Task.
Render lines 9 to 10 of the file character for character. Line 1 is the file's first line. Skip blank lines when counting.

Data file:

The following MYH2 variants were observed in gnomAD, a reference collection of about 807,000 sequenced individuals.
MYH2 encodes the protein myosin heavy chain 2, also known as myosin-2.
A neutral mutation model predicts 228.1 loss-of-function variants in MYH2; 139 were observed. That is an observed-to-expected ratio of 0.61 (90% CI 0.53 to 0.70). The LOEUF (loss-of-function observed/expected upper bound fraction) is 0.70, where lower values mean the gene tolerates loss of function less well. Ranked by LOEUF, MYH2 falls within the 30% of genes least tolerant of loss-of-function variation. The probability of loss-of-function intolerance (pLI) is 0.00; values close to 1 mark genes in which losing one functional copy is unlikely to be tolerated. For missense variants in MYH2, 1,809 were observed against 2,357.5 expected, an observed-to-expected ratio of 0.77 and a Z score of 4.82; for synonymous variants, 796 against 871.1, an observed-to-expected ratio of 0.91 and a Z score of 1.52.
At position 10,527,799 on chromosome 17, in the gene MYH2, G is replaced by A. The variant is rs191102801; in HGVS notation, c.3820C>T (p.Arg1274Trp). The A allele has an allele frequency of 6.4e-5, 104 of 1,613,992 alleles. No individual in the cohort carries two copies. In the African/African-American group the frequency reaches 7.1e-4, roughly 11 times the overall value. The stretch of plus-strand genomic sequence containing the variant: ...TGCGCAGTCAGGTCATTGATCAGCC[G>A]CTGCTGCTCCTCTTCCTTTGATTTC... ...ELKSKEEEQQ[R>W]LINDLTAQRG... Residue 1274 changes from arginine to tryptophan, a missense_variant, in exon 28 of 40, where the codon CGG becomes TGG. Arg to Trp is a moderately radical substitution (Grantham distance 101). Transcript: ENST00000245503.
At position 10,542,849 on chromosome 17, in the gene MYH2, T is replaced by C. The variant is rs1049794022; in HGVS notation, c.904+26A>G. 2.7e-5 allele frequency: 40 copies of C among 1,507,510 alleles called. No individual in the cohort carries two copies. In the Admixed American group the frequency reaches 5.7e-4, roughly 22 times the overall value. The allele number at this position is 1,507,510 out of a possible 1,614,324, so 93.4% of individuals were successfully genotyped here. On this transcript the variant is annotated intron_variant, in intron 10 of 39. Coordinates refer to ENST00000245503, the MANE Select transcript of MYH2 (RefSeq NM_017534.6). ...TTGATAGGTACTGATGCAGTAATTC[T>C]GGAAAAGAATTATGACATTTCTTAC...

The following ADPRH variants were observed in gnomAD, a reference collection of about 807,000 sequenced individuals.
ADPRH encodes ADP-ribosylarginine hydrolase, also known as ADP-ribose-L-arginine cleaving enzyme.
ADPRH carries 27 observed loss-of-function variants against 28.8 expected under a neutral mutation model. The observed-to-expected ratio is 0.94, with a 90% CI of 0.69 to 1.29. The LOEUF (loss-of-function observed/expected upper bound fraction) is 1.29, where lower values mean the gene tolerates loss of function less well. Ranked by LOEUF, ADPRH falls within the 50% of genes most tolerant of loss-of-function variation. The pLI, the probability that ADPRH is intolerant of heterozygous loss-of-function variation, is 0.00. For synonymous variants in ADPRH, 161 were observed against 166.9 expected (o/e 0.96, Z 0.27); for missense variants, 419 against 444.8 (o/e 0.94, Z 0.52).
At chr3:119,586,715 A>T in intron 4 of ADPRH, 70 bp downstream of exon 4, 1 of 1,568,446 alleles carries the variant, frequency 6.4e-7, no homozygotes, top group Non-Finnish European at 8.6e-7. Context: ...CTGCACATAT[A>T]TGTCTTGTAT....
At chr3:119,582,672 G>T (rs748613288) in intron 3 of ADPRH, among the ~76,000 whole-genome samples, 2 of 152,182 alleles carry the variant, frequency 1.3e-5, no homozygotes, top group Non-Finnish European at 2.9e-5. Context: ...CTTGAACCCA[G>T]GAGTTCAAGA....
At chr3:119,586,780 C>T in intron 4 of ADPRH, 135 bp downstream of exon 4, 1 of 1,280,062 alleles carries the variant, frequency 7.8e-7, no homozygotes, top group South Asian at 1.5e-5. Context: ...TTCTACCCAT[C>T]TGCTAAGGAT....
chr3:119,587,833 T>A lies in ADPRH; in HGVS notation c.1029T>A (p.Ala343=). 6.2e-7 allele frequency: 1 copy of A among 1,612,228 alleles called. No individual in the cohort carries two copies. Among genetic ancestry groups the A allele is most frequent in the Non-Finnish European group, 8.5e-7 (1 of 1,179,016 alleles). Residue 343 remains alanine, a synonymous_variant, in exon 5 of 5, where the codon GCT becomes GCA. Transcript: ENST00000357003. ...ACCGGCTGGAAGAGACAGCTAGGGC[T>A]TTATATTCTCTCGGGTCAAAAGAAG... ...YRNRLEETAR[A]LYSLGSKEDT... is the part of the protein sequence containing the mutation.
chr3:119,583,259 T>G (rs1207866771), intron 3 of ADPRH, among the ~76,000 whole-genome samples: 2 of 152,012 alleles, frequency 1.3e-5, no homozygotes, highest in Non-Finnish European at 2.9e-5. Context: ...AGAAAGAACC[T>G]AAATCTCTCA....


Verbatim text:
At chr3:119,586,715 A>T in intron 4 of ADPRH, 70 bp downstream of exon 4, 1 of 1,568,446 alleles carries the variant, frequency 6.4e-7, no homozygotes, top group Non-Finnish European at 8.6e-7. Context: ...CTGCACATAT[A>T]TGTCTTGTAT....
At chr3:119,582,672 G>T (rs748613288) in intron 3 of ADPRH, among the ~76,000 whole-genome samples, 2 of 152,182 alleles carry the variant, frequency 1.3e-5, no homozygotes, top group Non-Finnish European at 2.9e-5. Context: ...CTTGAACCCA[G>T]GAGTTCAAGA....